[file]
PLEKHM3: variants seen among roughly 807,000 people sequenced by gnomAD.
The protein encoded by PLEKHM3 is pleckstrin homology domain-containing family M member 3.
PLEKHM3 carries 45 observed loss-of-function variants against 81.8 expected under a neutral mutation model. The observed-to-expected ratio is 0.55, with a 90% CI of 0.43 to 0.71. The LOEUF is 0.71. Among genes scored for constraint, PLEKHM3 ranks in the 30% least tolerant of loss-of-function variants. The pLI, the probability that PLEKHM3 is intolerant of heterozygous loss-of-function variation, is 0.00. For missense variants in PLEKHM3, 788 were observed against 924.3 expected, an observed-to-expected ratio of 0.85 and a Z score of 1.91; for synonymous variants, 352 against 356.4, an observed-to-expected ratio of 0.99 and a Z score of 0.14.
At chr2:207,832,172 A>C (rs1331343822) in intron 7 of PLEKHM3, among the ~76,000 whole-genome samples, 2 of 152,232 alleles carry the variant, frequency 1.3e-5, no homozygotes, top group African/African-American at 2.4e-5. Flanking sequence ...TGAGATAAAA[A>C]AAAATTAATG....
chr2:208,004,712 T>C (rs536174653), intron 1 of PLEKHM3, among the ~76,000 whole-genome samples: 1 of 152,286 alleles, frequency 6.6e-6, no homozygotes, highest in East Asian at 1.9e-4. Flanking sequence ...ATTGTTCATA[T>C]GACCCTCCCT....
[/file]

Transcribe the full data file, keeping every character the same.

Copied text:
PLEKHM3: variants seen among roughly 807,000 people sequenced by gnomAD.
The protein encoded by PLEKHM3 is pleckstrin homology domain-containing family M member 3.
PLEKHM3 carries 45 observed loss-of-function variants against 81.8 expected under a neutral mutation model. The observed-to-expected ratio is 0.55, with a 90% CI of 0.43 to 0.71. The LOEUF is 0.71. Among genes scored for constraint, PLEKHM3 ranks in the 30% least tolerant of loss-of-function variants. The pLI, the probability that PLEKHM3 is intolerant of heterozygous loss-of-function variation, is 0.00. For missense variants in PLEKHM3, 788 were observed against 924.3 expected, an observed-to-expected ratio of 0.85 and a Z score of 1.91; for synonymous variants, 352 against 356.4, an observed-to-expected ratio of 0.99 and a Z score of 0.14.
At chr2:207,832,172 A>C (rs1331343822) in intron 7 of PLEKHM3, among the ~76,000 whole-genome samples, 2 of 152,232 alleles carry the variant, frequency 1.3e-5, no homozygotes, top group African/African-American at 2.4e-5. Flanking sequence ...TGAGATAAAA[A>C]AAAATTAATG....
chr2:208,004,712 T>C (rs536174653), intron 1 of PLEKHM3, among the ~76,000 whole-genome samples: 1 of 152,286 alleles, frequency 6.6e-6, no homozygotes, highest in East Asian at 1.9e-4. Flanking sequence ...ATTGTTCATA[T>C]GACCCTCCCT....